A damning new report reveals that the cost of delivering the 1700km Inland Rail project in the eastern states has sky-rocketed out to $31.4 billion.
Dr Kerry Schott, Australia’s former Energy Security Board chairperson led the review, finding the board managing the project did “not have adequate skills” and there had not been a “substantive” chief executive in nearly two years.
She also found that advice was not taken when given to the former Coalition government to improve the skills mix on the board.
“The cost of the project has increased by an astonishing amount when compared to 2020,” she said in her review.
“Two years ago the estimate was $16.4 billion, and now it is about $31 billion.”
The Albanese government has been quick to lay blame for for the blow-out on the Coalition and said it was now taking “prudent and responsible action” to rescue Inland Rail.
The project is also significantly behind schedule with just over 16 per cent of the 1700km of track completed so far.
“Another example of our point that infrastructure investment follows marginal seats, not evidence based need and planning,” tweeted Cam Dumesny, CEO of WA’s peak trucking body, Western Roads Federation.
In her report, Dr Schott outlines 19 recommendations to improve the delivery of Inland Rail including through enhanced governance arrangements, the identification of intermodal terminal locations, and ensuring appropriate environmental approval processes. The government has accepted all of Dr Schott’s recommendations in full or in-principle.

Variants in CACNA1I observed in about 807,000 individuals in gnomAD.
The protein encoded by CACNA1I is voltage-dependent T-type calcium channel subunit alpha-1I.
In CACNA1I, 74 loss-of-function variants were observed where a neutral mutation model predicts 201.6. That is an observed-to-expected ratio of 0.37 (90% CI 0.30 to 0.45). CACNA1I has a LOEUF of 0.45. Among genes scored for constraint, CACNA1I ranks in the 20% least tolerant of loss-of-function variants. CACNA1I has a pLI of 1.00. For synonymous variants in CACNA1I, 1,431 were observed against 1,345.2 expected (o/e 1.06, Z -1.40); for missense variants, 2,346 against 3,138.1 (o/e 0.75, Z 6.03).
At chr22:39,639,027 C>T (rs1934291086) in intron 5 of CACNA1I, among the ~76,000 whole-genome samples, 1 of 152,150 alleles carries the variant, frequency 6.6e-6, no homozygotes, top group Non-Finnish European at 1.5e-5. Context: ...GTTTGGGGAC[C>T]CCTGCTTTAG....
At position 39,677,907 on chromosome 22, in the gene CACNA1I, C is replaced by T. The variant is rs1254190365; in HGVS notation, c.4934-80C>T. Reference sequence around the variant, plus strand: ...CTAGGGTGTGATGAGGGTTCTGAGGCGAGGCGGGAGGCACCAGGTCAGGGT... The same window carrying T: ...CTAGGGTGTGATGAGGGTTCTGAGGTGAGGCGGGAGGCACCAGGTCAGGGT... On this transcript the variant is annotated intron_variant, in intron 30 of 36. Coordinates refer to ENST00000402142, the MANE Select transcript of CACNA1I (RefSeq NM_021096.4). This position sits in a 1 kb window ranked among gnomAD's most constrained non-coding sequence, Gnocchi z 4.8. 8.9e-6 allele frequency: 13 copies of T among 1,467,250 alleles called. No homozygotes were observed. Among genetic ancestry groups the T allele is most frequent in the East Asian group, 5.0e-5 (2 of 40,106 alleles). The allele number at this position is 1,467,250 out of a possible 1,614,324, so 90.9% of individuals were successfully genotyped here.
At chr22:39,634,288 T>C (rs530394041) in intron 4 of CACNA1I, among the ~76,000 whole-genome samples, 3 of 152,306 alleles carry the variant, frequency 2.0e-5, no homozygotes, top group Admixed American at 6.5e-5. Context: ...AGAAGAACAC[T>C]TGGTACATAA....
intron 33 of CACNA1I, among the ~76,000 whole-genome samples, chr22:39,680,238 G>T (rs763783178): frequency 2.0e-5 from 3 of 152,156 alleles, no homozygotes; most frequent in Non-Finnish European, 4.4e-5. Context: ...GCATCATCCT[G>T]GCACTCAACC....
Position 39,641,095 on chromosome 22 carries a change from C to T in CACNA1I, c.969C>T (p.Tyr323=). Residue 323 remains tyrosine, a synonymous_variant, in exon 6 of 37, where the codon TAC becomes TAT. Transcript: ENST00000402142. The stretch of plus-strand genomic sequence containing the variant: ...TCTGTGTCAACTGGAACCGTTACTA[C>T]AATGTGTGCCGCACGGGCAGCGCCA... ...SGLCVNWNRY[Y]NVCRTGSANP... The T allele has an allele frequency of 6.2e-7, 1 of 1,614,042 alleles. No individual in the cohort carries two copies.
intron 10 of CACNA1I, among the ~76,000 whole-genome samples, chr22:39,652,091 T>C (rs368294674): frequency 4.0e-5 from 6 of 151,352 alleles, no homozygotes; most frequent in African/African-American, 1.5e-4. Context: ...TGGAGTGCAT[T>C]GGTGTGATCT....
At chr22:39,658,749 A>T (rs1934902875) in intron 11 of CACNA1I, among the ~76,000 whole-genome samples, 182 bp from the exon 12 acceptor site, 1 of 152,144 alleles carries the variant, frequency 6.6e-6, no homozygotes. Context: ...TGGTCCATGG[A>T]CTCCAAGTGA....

The Albanese government said it will take a staged approach to delivering Inland Rail, prioritising its delivery from Beveridge in Victoria to Parkes in New South Wales – increasing resilience and improving supply chain productivity between Melbourne, Perth, Sydney, Newcastle, the Illawarra and Adelaide.
In the near term, work will continue to support completion of existing construction activities and planning works north of Parkes.
“I think, a damning indictment on, frankly, the National Party, who this was their pet project for the last decade,” Transport Minister Catherine King told ABC NewsRadio.
“It’s had problems right from the start, and I think Kerry Schott’s report that we commissioned shows that, you know, there wasn’t these – basically the skills base within the organisation the Liberal National Party chose to build this project.
“They then ignored advice about actually getting people with skills on the board and, in fact, again appointed at the latest appointments people that had links to them and ignored advice to appoint, you know, engineers, people who actually understood what this was.”